both speeches Hamlet is taken to task for separating himself from the ordinary course
of grief—which, it is accepted, must eventually have a conclusion: one should have done with mourning because
it is non-functional, non-adaptive; it unfits one for life. Notice too that non-normative grieving of
Hamlet’s kind marks one out as un-‘common’. Melancholy singularizes Hamlet, separates him
from others. But it also marks him off from
what turns out to be a profoundly seamy and corrupt world, indeed a murderous tyranny. Hamlet refuses the kind of compulsory contentment Gertrude’s and
Claudius’s words recommend—the notion that one must fit in, play one’s part,
not make waves.
Precisely, then, because it puts us outside society, melancholy
is potentially a source of critical insight. It is significant that Claudius
reproaches Hamlet for resisting what the King presents as the natural order of
things. Hamlet’s behavior is ‘obstinate’,
a piece of ‘stubbornness’ and ‘peevish opposition’ that shows ‘a mind
impatient’. Obstinacy, stubbornness,
non-compliance: not qualities dear to tyrants and slave-drivers, who prefer to
rule over happy idiots rather than unhappy thinkers.
Hamlet is deeply critical of tyranny.
And melancholy—which is, and not to put too fine a point on it, noticing
how atrocious things are—is a precondition for real criticism. Glass-half-full types are unlikely to mount a
revolution, or stand up to a dictator. Witness
one of Hamlet’s most famous speeches, his confession of melancholy to
Rosencrantz and Guildenstern, apparently old friends of Hamlet’s but now working
as Claudius’s spies. ‘I have of late’, observes Hamlet to these bootlickers,
wherefore I know not–lost all my mirth, forgone all
custom of exercises; and indeed it goes so heavily
with my disposition that this goodly frame, the
earth, seems to me a sterile promontory, this most
excellent canopy, the air, look you, this brave
o'erhanging firmament, this majestical roof fretted
with golden fire, why, it appears no other thing to
me than a foul and pestilent congregation of vapours.
What a piece of work is a man! how noble in reason!
how infinite in faculty! in form and moving how
express and admirable! in action how like an angel!
in apprehension how like a god! the beauty of the
world! the paragon of animals! And yet, to me,
what is this quintessence of dust? (2.2.297-310)
Hamlet here speaks to an old theme in
tragedy, that of dissolution and futility. Man may well be ‘the beauty of the
world’, ‘the paragon’, or ideal type, ‘of animals’, but it is all for naught,
because, like the ‘Golden lads and girls’ of Shakespeare’s Cymbeline, he will eventually ‘come to dust’
(4.2.262, 263). But Hamlet’s pessimism has a social, as well as a metaphysical,
cause—has as much to do with tyranny as with mortality. He is led to this
despairing vision of life only fifty or so lines after declaring to these spies
that ‘Denmark’s a prison’ (2.2.244).
What Hamlet responds to is life in a political and social prison; and what presses in upon him is
the enormous gap that exists between what man could be and what, under such conditions, he actually is. Man is ‘infinite’ in potential or ‘faculties’—he
really could be almost anything,
could have the power and rational self-direction and dignity of an ‘angel’ or a
‘god’—if only he was permitted to develop these powers. But instead he is worth no more than ‘dust’,
is nothing more than a slave and prisoner.
Shakespeare seems to have been preoccupied in Hamlet with this theme of a human potential (most obviously,
Hamlet’s) thwarted by tyranny. Later in the play Hamlet muses on the true
ends of a properly human life: ‘What is a man’, he asks,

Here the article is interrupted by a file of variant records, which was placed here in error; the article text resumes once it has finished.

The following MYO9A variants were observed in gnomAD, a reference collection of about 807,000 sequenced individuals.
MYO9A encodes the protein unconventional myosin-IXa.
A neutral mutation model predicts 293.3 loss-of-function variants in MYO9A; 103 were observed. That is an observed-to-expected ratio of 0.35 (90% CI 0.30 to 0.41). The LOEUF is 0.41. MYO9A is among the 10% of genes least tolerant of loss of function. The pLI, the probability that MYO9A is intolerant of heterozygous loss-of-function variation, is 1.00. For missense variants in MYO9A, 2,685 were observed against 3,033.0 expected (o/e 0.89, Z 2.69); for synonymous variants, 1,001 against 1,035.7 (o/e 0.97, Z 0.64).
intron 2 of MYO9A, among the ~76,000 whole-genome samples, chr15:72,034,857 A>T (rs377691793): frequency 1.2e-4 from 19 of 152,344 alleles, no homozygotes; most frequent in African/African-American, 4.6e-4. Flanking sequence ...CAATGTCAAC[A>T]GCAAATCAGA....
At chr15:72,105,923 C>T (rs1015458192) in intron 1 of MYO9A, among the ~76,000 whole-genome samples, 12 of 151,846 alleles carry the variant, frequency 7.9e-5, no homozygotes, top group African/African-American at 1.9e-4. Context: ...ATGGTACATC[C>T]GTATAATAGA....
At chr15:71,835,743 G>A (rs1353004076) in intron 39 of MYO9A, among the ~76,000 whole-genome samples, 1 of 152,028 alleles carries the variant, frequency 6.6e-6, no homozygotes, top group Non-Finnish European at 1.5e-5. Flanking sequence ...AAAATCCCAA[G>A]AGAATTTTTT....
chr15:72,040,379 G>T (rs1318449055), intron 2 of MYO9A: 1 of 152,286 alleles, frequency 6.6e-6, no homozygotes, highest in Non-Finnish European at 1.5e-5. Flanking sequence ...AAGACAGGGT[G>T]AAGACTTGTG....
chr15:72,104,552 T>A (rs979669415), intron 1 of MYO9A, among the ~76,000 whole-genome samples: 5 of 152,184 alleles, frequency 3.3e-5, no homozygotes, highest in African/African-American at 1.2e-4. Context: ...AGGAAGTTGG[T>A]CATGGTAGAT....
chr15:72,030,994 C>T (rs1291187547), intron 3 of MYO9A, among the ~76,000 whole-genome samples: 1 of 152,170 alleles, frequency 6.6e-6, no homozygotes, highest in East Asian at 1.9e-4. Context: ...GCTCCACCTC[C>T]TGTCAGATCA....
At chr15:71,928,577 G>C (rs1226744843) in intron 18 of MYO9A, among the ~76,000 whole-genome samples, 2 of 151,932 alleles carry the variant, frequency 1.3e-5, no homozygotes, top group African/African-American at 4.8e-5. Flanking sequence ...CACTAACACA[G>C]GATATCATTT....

If his chief good and market of his time
Be but to sleep and feed? A beast, no more.
Sure he that made us with such large
Looking before and after, gave us not
That capability and godlike reason
To fust in us unused. (4.4.33-9)
asserts that the principal ‘good’ and profit or purpose of human life is the
free exercise of rational and discursive powers (consciousness being the
faculty that, at least here, marks us off from the animals). Our Maker, he claims, did not give us
consciousness—this ‘godlike reason’ and ‘large discourse’ (or power of speech)—for
it to grow mouldy in us through lack of use.
But of course it is precisely under a tyranny that such ‘capabilities’
as reason and speech fall into decay—because the last thing a tyrant wants, of
course, is a populace speaking and reasoning freely. Tyrants want their subjects distracted by
sleeping, feeding, sex, entertainments. They
prefer ruling passive and unthinking ‘beasts’ rather than reflective and inquiring
human beings. Claudius’s problem is
that the Prince of Denmark is not such a ‘beast’: he’d rather think and be
unhappy than not think and be happy.
Perhaps in that sense Hamlet is a model for us today.
Holbrook is Professor of Shakespeare and English Renaissance Literature at the
University of Queensland, Australia, and Chair of the International Shakespeare
Association, which is holding its tenth World Congress in Stratford-upon-Avon
and London in the Summer of 2016. His
most recent book is English Renaissance
Tragedy: Ideas of Freedom (London: Bloomsbury/Arden Shakespeare, 2015),
from which some material has been borrowed for this essay.
Shakespeare quotations are taken from The
Arden Shakespeare Complete Works, ed. Richard Proudfoot, Ann Thompson and
David Scott Kastan; Consultant Editor Harold Jenkins (London: Methuen, 2001).
A Valentine's treat: a sweetbox slice of a future Fairy Tale of Panem
The other day the-peeta-pocket was feeling blue so I offered to dig through my hard drive to see if I had anything fluffy and not-yet-posted that I could share as a cheer-up treat. <3 I realized almost immediately that I, in fact, have a substantial portion of an incomplete oneshot lurking around which is, for the most part, quite fluffy, and after carving out a nice little askbox-sized nugget of prose I got to thinking, “Why couldn’t I post the whole finished portion?” This Valentine’s day is promising to be a rough one for several of us and, well……I thought it might be nice right about now to present a romance that is grounded in compassion and affection and honest-to-God love.
Not to mention, as Valentinesque fics go, this one’s got swans, the moon, wishes, strawberries, candied violets, even red ribbons (the appearance of which pre-dates Ch 11 of WtM, but they actually fit the sweetheart concept perfectly!), all wrapped up in fairytale trappings.
So without further ado, here is a big ol’ chunk of my Crane Wife Everlark fic (requested by and written for alonglineofbread, eons ago now :/). If you’ve been following my blog for a while, you will have seen the first portion of this last (2013) Christmas Eve Eve, but the rest, minus a few SSS’s, should be new to you.